The book concludes that adjusting the inmates to their role has at least as much importance as "curing" them. In the essay "Notes on the Tinkering Trades," Goffman concluded that the "medicalization" of mental illness and the various treatment modalities are offshoots of the 19th century and the Industrial Revolution and that the so-called "medical model" for treating patients was a variation on the way trades- and craftsmen of the late 19th century repaired clocks and other mechanical objects: in the confines of a shop or store, contents and routine of which remained a mystery to the customer.
College students are frequently given Goffman's book or parts of it as required reading for various courses. In articles and bibliographies for books social scientists often mention Asylums, as attested to by the Social Science Citation Index. The book has been influential in formulating decisions as to mental health policy and has been cited in legal cases involving patients. Over the years, chapters and excerpts have often been republished in anthologies and readers.
Similar books and views
Asylums is one of a number of books which came out in the 1950s and 1960s which explored the characteristics of psychiatric hospitals which impinged upon patients and affected the course of their illness. The most prominent examples are works by Stanton and Schwartz (1954), Belknap (1956), Dunham and Weinberg (1960), Strauss et al. (1964), and Scheff (1966). These studies are analogous in that they all relied on qualitative data in describing the meaning of psychiatric hospitalization for patients, criticized the psychiatric hospital and charged that it had a harmful effect on them. The hospital was usually portrayed as an authoritarian system that forces patients to define themselves as mentally ill, change their behavior and thinking, adjust to institutional life, accept restrictions and suffer humiliations. Belknap (1956), Dunham and Weifiberg (1960), Goffman (1961), Cumming and Cumming (1962) pointed out the fact that closed institutional regimes, with their common accompaniments of neglect, pauperism, and authoritarianism, were not only inhumane but harmful.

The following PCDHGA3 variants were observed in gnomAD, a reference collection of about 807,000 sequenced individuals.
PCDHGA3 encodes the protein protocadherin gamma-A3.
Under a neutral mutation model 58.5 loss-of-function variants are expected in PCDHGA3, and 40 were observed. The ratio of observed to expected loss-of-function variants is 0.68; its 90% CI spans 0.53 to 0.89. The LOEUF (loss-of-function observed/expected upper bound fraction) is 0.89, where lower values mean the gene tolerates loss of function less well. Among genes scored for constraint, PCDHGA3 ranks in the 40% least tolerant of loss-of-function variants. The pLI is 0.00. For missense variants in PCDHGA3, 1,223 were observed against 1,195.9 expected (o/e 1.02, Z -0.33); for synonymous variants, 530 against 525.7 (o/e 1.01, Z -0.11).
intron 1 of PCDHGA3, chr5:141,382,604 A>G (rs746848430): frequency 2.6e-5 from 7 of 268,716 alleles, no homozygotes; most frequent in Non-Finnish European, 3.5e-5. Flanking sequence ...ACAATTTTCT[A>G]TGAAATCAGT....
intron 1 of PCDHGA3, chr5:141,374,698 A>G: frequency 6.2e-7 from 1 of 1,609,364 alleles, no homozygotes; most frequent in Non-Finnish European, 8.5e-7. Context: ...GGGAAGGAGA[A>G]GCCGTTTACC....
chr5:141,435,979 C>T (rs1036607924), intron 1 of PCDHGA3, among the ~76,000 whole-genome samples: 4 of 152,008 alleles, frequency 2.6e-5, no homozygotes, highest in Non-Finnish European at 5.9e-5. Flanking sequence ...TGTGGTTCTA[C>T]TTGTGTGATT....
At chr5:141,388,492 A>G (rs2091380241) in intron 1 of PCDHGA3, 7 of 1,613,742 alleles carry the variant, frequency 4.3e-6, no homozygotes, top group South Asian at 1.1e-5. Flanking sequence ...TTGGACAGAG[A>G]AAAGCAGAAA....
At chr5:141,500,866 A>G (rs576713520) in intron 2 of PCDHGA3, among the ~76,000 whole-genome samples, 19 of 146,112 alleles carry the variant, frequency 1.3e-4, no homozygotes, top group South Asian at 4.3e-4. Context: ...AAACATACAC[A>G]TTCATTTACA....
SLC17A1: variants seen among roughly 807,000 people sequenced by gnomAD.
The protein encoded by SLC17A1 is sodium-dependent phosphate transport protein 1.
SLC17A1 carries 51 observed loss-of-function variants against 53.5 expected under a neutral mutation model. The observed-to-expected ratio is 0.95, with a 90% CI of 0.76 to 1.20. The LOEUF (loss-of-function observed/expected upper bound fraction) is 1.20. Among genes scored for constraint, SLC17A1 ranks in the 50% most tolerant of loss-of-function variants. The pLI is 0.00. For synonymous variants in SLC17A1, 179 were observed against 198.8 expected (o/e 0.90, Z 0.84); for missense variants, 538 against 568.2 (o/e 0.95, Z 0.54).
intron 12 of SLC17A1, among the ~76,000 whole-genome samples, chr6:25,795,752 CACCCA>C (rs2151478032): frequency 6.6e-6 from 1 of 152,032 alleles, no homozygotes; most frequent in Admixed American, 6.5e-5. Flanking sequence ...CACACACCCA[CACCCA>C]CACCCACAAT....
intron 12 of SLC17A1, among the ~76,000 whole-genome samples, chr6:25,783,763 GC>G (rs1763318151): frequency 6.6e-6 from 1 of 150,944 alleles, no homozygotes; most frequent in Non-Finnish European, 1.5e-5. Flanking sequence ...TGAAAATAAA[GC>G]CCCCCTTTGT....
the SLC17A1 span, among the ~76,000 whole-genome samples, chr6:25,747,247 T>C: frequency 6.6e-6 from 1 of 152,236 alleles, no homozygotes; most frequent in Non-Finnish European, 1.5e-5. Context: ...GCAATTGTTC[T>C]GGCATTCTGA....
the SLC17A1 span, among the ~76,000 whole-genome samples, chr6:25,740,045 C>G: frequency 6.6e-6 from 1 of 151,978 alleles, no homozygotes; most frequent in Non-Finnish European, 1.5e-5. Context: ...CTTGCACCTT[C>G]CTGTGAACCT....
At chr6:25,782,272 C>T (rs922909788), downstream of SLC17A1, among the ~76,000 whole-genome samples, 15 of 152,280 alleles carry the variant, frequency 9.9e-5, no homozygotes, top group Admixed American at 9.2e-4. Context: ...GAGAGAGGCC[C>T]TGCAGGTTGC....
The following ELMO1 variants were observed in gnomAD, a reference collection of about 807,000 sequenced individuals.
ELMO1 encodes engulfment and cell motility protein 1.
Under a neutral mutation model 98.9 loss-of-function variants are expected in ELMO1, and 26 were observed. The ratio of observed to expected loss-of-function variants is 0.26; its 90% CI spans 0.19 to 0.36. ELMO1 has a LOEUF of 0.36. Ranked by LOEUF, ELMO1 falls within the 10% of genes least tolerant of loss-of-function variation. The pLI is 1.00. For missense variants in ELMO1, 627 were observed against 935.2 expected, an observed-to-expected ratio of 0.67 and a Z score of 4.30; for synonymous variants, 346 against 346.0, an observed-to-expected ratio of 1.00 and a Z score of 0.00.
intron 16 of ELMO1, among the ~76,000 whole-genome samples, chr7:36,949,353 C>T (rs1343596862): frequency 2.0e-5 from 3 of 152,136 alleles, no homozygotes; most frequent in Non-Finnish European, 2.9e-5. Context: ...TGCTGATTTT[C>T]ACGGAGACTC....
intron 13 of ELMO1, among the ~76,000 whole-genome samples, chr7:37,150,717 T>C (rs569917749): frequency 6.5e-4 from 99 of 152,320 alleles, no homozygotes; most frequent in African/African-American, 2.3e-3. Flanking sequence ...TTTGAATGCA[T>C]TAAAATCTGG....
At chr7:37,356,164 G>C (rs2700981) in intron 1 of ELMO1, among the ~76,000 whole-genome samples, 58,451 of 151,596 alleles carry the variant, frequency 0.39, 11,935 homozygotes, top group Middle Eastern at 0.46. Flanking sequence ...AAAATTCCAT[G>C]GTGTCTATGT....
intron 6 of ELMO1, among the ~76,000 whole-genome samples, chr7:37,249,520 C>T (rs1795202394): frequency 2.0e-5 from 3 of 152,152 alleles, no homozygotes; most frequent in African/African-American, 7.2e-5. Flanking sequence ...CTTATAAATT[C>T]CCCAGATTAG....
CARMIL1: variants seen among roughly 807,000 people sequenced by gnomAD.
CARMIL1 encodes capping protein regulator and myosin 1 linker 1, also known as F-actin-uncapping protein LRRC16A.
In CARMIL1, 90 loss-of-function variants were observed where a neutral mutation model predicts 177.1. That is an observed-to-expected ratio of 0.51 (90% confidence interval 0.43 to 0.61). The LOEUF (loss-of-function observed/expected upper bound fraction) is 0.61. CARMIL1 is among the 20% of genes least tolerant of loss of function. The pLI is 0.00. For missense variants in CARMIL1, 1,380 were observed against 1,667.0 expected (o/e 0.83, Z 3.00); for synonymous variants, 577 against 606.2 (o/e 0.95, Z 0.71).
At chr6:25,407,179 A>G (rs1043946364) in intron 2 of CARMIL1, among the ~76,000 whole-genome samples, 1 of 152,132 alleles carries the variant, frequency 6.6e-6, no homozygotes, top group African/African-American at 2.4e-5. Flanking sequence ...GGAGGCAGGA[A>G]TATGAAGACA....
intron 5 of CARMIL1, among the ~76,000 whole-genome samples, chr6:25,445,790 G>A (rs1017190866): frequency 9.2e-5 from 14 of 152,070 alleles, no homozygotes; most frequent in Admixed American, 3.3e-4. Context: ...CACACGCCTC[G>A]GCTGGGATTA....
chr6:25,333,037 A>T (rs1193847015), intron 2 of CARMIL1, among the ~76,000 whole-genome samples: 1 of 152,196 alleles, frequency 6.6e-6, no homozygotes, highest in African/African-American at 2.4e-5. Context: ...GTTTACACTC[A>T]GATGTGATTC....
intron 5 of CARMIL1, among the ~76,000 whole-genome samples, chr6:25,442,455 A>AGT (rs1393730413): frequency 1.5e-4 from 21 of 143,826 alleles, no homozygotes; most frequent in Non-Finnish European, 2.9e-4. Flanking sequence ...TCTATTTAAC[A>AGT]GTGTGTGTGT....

Franco Basaglia, a leading Italian psychiatrist who inspired and was the architect of the psychiatric reform in Italy, also defined mental hospital as an oppressive, locked and total institution in which prison-like, punitive rules are applied, in order to gradually eliminate its own contents, and patients, doctors and nurses are all subjected (at different levels) to the same process of institutionalism.
American psychiatrist Loren Mosher noticed that the psychiatric institution itself gave him master classes in the art of the "total institution": labeling, unnecessary dependency, the induction and perpetuation of powerlessness, the degradation ceremony, authoritarianism, and the primacy of institutional needs over those of the persons it was ostensibly there to serve-the patients.